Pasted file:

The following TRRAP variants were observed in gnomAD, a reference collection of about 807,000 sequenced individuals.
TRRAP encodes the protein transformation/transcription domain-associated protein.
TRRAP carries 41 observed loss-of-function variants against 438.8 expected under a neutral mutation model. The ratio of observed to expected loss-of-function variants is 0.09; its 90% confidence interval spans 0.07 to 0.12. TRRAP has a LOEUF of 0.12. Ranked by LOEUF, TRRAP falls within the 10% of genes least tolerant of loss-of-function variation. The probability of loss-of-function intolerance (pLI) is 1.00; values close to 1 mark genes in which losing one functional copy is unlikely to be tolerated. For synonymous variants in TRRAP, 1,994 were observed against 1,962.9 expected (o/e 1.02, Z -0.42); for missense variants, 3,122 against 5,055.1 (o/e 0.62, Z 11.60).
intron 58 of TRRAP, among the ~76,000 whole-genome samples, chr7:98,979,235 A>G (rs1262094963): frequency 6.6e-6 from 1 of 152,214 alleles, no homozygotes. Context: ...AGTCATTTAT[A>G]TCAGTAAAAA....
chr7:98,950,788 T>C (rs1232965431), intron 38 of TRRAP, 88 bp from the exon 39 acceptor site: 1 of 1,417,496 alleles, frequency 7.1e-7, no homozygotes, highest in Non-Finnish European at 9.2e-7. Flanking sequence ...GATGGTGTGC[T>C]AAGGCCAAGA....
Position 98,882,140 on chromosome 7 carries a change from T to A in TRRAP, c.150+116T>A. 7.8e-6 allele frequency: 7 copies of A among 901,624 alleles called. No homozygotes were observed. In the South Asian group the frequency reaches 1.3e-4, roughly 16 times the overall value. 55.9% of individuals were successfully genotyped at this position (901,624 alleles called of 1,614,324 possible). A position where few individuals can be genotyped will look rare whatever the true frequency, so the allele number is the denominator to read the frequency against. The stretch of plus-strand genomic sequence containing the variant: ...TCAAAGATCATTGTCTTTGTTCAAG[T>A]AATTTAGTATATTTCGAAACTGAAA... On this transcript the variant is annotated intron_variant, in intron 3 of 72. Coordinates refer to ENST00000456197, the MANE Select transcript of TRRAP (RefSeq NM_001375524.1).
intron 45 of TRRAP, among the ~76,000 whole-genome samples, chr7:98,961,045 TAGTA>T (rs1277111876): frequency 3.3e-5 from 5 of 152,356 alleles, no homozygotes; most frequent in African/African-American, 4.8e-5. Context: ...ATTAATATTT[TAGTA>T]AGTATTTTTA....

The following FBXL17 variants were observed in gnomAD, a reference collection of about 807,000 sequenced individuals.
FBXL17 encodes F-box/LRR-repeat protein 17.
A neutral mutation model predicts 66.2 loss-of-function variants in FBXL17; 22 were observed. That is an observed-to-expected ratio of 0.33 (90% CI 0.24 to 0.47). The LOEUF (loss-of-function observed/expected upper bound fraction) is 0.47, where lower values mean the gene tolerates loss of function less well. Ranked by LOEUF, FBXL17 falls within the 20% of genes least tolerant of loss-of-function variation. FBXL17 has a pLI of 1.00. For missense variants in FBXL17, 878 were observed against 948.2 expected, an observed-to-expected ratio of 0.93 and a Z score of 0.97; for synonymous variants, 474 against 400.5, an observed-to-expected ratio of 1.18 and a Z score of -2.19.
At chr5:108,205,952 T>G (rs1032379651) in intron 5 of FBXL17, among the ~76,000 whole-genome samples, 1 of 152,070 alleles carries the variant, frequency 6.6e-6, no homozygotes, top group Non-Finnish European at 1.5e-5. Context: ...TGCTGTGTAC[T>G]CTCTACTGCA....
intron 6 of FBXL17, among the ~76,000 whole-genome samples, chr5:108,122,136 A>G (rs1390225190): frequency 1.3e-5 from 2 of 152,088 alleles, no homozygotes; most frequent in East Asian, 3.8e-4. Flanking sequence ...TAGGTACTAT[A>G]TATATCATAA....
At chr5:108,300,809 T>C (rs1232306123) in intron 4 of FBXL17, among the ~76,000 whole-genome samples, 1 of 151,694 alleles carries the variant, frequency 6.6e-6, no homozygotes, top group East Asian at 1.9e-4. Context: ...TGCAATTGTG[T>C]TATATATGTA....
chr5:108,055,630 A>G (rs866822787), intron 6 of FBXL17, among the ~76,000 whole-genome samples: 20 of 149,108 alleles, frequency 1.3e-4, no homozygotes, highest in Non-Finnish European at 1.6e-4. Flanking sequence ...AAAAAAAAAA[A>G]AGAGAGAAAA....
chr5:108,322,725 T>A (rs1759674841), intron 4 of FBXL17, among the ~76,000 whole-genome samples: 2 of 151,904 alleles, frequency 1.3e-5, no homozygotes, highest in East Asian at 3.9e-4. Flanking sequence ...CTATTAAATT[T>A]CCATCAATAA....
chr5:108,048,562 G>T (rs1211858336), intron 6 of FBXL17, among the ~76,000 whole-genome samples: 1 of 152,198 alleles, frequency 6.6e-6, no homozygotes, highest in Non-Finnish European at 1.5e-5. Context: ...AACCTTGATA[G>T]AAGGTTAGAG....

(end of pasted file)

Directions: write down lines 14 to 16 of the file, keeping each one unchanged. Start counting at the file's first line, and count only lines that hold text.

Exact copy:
chr5:108,055,630 A>G (rs866822787), intron 6 of FBXL17, among the ~76,000 whole-genome samples: 20 of 149,108 alleles, frequency 1.3e-4, no homozygotes, highest in Non-Finnish European at 1.6e-4. Flanking sequence ...AAAAAAAAAA[A>G]AGAGAGAAAA....
chr5:108,322,725 T>A (rs1759674841), intron 4 of FBXL17, among the ~76,000 whole-genome samples: 2 of 151,904 alleles, frequency 1.3e-5, no homozygotes, highest in East Asian at 3.9e-4. Flanking sequence ...CTATTAAATT[T>A]CCATCAATAA....
chr5:108,048,562 G>T (rs1211858336), intron 6 of FBXL17, among the ~76,000 whole-genome samples: 1 of 152,198 alleles, frequency 6.6e-6, no homozygotes, highest in Non-Finnish European at 1.5e-5. Context: ...AACCTTGATA[G>T]AAGGTTAGAG....